A Team Effort

Moveo takes a collaborative approach to physical and sports rehabilitation

As a triathlon participant, Dr. Jenn Turner’s passion for sports has fueled her drive with Moveo.

If teamwork does wonders for a football, baseball, or soccer game, it has a similar effect when one of these sports (or any other, for that matter) leads to injury and subsequent rehabilitation. So goes the philosophy of Moveo Sport & Rehabilitation Centre, founded in North Vancouver, in 2006, by three women with various backgrounds in health care.

Moveo is the first North Shore clinic of its kind to unite a wide span of health professionals and fields into one comprehensive unit—the goal being to create a higher standard of rehabilitative care. “Our specialty really is our team approach,” says Dr. Jenn Turner, a founding partner who currently serves as Moveo’s president. “We do not use the term lightly. It permeates everything we do at the centre.”

Moveo’s team currently includes specialists in physiotherapy, chiropractic, massage therapy, active release techniques, athletic therapy, acupuncture, orthotics, and functional training—components that, when combined as needed, provide Moveo with first-rate service and innovative care. The idea is that patients under this kind of watch are destined to receive the right kind of treatment at the right time in their healing process, ultimately leading to fewer treatment sessions and a speedier recovery. “Open communication between our practitioners, as well as the referral source, ensures that care is focused and efficient,” Turner says. “Our goal is to make each and every client feel [like] a part of ‘Team Moveo.’ We really go out of our way to ensure that clients absolutely get the treatment they need to facilitate a speedy recovery and get them back to their sport or activity much quicker.”

5 Questions
with Dr. Jenn Turner


1. Is there a technology, trend, or idea that’s driving your company forward?
Involvement—putting my hand up to say, “I’ll help,” or, “I’ll be there,” or, “Here’s how I can contribute.” This company is not run by one individual but by ideas, attitudes, and contributions of each and every team member. 

2. Where do hope this innovation will lead you in the next five years?
In the same direction that I am heading right now! Continuing my work with Olympic athletes. Gaining more insight and knowledge, and maybe opening another clinic or two with the same concept as Moveo and Optimum, the other clinic I own in the Fraser Valley.

3. How has the notion of innovation changed in the past decade?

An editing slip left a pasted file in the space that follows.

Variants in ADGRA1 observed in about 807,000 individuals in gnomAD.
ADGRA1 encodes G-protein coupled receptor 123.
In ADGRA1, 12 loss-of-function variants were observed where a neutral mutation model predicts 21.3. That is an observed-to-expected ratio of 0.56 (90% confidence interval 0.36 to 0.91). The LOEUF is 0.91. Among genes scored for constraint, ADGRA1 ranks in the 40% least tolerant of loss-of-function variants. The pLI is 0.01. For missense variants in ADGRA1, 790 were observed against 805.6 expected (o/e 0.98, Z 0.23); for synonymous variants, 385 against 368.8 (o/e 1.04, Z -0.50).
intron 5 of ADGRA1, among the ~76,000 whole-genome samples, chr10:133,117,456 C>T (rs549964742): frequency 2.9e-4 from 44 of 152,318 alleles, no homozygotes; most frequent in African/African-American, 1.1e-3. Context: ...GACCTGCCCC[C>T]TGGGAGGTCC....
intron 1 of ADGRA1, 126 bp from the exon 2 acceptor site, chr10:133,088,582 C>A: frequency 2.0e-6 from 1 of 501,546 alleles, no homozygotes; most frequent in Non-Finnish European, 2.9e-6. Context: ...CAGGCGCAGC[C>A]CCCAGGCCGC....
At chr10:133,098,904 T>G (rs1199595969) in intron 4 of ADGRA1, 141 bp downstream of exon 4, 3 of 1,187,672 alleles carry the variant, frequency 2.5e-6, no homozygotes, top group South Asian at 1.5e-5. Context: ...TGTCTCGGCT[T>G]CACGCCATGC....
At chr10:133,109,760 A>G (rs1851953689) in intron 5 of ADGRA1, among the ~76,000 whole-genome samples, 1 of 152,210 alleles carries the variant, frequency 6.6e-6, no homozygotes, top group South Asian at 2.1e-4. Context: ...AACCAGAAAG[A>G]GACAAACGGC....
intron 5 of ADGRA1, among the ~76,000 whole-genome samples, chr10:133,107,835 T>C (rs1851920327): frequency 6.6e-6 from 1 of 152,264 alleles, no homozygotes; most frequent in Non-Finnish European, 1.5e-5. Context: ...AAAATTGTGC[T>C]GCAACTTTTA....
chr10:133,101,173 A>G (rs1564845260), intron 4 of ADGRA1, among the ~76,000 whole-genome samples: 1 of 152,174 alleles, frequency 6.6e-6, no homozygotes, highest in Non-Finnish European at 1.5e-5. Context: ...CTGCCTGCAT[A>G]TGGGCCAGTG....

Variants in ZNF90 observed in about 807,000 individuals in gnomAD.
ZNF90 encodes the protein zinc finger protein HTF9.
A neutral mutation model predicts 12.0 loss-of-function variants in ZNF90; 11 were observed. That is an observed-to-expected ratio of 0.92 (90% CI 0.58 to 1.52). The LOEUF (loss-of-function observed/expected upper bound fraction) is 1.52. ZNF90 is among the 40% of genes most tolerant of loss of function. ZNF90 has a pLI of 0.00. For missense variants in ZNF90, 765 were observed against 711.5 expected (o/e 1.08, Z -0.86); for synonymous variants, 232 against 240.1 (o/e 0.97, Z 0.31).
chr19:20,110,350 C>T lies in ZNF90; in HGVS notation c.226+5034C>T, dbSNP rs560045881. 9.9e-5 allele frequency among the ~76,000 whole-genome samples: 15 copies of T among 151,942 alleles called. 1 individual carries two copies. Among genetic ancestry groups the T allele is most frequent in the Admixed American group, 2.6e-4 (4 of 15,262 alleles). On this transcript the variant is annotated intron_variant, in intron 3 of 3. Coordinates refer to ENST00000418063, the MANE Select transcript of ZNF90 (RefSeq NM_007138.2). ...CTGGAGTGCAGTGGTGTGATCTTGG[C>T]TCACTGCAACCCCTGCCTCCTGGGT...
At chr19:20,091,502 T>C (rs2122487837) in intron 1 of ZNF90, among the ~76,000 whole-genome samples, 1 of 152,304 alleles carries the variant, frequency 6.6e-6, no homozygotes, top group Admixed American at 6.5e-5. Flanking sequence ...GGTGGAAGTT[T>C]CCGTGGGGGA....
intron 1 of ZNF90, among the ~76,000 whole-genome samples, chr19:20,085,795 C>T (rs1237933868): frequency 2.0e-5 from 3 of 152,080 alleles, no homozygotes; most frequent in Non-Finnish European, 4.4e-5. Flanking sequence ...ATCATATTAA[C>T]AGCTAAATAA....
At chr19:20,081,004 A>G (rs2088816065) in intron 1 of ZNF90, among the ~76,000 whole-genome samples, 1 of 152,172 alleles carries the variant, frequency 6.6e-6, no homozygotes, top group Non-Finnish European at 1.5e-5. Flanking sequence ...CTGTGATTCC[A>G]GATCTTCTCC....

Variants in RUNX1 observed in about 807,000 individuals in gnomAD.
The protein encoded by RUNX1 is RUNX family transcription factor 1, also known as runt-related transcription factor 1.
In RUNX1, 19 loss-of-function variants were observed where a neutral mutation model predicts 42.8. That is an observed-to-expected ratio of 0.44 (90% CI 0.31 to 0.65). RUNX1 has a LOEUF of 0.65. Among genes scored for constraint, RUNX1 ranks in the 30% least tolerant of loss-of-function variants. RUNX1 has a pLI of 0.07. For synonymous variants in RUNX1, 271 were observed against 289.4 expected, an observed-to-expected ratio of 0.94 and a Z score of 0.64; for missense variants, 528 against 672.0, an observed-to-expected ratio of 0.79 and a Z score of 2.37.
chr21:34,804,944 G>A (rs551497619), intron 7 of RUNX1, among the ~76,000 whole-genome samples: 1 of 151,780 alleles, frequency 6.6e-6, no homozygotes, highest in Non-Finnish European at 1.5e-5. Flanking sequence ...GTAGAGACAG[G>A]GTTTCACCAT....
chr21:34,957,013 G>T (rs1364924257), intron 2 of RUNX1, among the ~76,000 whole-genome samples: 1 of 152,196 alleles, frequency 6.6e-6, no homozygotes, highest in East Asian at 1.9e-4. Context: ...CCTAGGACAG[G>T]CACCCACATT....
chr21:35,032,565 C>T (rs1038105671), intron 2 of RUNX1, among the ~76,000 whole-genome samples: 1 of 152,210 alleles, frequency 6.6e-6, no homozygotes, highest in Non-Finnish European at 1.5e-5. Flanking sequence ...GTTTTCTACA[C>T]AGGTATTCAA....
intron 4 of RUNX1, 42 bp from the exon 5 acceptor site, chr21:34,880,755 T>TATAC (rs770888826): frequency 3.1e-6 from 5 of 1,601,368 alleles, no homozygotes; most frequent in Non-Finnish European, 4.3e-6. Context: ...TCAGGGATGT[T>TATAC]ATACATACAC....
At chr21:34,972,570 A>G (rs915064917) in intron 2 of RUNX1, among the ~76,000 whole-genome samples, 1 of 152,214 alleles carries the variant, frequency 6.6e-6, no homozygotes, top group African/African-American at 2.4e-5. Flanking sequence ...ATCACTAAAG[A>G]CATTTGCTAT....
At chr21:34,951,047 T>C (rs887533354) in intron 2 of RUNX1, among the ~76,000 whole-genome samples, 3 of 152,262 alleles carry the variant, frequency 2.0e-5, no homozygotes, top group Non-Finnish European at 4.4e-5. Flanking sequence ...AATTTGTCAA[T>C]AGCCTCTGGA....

I think, mostly, innovation has a technology focus. Technology certainly has a role in our field, but it can’t replace what we do. We have to use technology to enhance our work. 

4. How do you cultivate innovation among your workforce?
Have a clear vision and values, hire team members who share it, and put mechanics in place where they can actively participate.

5. How can a company encourage innovation without breaking the bank?
Have a clear focus; know where to innovate; focus on results, not just doing things differently, but ensuring you are getting results from what you are doing differently.

To say Turner has firsthand, personal experience with sports and the nature of sports injuries is to make quite an understatement. She has an interest and involvement in triathlons (swimming/cycling/running marathons) that dates back to her teen years, and has progressed to long-course triathlons over the past decade, medalling in international events and even competing at the Ironman level. She also serves as the “injuries” columnist for Triathlon Magazine Canada, and recently travelled with Canada’s cycling team at the 2012 Summer Olympics—speaking even more to her ability to recognize and treat the stresses of high-impact sport.  “My patient and athletes have confidence that I know ‘how it feels,’ being so involved myself,” Turner admits.

And the benefits reach beyond that. “Training and racing [also] make for great networking experiences,” Turner says. “We already know we have a common thread, and training conversation occurs from there—where connections can be made and relationships can be built.”

More connections tend to lead to more growth, which is certainly in Turner’s three-year plan for Moveo. Whether it’s in the form of expanded facilities, additional practitioners in fields like nutrition, personal training, or yoga, or increased information/clinics based on needs identified through the company’s client population, Turner is eager to develop Moveo into a business that has even more to offer and engage with the community. To that end, she has also started a website overhaul, integrated successfully with social media, and expanded community partnerships. “A potential satellite clinic could become a reality for Moveo in the next year, thanks to some of these relationships,” Turner says. “In this way, we could carry out our team approach throughout the lower mainland.”

Still, it’s hard to beat the connection that comes from simple event participation. “It is really awesome to be racing and to see my patients and clients of Moveo out there at local races and events,” Turner says. “I think the sense of community is instilled at a greater level by us standing by and supporting events that make us successful.”